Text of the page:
Once more, fabled ancient Alexandria has a magnificent library. It’s more than a library – it is home to six (!) institutes, permanent and temporary exhibit space, a cinesphere, a shop, a cafeteria, a dining room, and spacious, comfortable conference rooms. It was the perfect place for the International Peace Bureau to host a conference last November entitled “Books Not Bombs: Sustainable Disarmament for Sustainable Development.”
There were many new faces – students, Egyptians, even a representative from the government of Saudi Arabia. (This government, we heard, now wants to break out of its isolation.) The Saudi diplomat was certainly not familiar with a new human right for woman – UN Security Council resolution 1325 (2000) which sets out, among other things, that women must be included in all decision-making related to peace and security from prevention to post-conflict reconstruction. But then, almost all governments to date are only paying lip service to this new obligation. Ever optimistic, I felt a small measure of satisfaction in informing him over lunch of this advance.
The intention of the Alexandria conference was to exchange ideas on issues related to global over-armament and underdevelopment. Another, was to bestow the Sean McBride Prize on an individual pushing the disarmament movement forward. This year it was Jayantha Dhanapala, a strong UN civil servant who headed the Department for Disarmament Affairs, serves as an honorary IPB President and current President of Pugwash International. He was a runner-up in the recent search for a new UN Secretary General. He is a promoter of gender parity and civil society.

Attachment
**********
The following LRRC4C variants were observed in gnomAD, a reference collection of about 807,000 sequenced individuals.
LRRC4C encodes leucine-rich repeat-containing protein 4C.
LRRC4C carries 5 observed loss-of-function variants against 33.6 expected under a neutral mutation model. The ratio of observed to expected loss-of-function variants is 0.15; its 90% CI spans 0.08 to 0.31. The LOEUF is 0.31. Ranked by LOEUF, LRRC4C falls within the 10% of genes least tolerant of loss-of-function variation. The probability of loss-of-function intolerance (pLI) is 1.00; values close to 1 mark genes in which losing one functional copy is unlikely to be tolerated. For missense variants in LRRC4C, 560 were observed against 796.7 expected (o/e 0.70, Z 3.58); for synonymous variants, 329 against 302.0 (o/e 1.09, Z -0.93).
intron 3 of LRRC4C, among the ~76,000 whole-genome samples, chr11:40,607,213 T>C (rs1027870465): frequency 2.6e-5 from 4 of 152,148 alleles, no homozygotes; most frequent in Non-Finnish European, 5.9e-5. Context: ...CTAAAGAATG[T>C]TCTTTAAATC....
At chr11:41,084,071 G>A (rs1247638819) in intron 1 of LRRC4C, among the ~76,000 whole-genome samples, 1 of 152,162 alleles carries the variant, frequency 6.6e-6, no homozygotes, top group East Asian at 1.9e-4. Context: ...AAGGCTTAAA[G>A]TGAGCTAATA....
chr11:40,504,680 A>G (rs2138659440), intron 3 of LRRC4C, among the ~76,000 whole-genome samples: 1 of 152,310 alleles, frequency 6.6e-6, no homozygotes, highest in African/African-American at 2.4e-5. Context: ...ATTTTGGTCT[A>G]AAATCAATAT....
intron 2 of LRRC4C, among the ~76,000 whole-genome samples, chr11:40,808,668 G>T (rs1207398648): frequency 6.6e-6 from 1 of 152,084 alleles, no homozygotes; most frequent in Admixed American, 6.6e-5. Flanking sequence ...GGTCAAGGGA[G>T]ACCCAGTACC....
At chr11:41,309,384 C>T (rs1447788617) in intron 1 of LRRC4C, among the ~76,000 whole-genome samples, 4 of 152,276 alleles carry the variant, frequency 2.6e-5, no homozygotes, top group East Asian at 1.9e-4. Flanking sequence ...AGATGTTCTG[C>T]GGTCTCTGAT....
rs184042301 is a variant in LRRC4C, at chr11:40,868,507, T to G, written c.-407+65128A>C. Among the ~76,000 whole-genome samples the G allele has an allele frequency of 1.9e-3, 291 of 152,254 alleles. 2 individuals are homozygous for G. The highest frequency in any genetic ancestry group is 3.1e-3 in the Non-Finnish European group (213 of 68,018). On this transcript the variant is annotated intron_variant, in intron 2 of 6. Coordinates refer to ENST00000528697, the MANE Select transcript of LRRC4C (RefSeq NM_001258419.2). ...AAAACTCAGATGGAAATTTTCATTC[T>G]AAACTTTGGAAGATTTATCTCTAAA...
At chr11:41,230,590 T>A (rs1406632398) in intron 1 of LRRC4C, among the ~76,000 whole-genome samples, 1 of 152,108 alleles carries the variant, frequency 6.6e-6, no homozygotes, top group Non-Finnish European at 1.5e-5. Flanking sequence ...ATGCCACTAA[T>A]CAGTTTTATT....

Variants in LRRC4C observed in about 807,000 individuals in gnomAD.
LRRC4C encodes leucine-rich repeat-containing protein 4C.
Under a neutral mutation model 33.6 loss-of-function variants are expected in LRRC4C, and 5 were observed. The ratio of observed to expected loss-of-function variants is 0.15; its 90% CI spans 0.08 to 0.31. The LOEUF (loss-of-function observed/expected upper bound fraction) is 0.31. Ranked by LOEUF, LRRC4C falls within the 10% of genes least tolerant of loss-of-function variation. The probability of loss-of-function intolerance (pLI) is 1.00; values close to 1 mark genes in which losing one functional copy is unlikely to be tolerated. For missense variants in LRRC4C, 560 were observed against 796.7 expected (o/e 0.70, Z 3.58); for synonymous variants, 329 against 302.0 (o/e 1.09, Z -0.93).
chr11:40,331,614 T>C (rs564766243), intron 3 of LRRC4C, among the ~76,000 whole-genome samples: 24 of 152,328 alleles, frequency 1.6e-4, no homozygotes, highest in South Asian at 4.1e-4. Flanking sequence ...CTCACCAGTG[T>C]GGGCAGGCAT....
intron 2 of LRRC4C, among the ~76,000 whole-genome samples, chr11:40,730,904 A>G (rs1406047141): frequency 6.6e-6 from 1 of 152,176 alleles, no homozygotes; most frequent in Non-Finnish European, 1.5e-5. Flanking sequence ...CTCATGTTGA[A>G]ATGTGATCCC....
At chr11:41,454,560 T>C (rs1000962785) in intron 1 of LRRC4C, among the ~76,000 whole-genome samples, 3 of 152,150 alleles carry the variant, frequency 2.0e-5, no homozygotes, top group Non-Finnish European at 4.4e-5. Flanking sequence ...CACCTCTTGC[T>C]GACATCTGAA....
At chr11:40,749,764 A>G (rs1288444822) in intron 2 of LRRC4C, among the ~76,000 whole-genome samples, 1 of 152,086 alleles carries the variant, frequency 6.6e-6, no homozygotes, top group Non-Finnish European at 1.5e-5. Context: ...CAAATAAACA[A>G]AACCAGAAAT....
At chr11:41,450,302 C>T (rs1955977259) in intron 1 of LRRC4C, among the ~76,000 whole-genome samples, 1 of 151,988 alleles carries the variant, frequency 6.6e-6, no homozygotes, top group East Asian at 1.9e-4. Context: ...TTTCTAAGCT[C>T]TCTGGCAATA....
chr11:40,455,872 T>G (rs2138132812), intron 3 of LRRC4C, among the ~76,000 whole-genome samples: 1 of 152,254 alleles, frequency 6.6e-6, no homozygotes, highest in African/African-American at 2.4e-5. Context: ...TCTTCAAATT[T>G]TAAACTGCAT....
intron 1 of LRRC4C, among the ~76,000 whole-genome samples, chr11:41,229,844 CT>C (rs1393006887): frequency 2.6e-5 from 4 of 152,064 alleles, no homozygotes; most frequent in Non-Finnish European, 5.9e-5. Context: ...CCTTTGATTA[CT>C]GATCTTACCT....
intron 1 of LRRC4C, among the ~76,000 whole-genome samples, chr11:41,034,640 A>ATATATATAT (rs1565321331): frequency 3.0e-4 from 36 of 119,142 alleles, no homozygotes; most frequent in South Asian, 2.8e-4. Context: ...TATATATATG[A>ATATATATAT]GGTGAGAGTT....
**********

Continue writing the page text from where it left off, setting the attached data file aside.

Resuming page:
One concrete example of his passion for disarmament and peace is the pioneering link he forged between the UN Office of Disarmament Affairs and the CSO Hague Appeal for Peace to introduce peace education curriculum to young children in Albania, Peru, and several other countries.
It was three days of inspiring speeches, (a little short on women presenters), discussion, and workshops. We were reminded:
that the USA, responsible today for 46% of world’s military spending, has spent 5.8 trillion dollars on the military since 1945;
to mainstream the idea of HUMAN security
to address the relationship between poverty and conflict;
to vigorously address the misallocation of resources;
to examine the development and environment link;
that the UN itself must stop working in “silos” (the Millennium Development Goals failed to incorporate any commitments to disarmament!)
Jayantha Danapala characterized the reality of the international community’s efforts to address disarmament and development as “ritualistic”, “whimpers,” “banal.”
Education at all levels is key! And civil society is essential. Alyn Ware, a conference speaker from New Zealand, reminded us of the greater strength of civil society when and if we build collaboration of movements!
I came away with a very full peace bibliography from the Alexandria library. (Copies available. Contact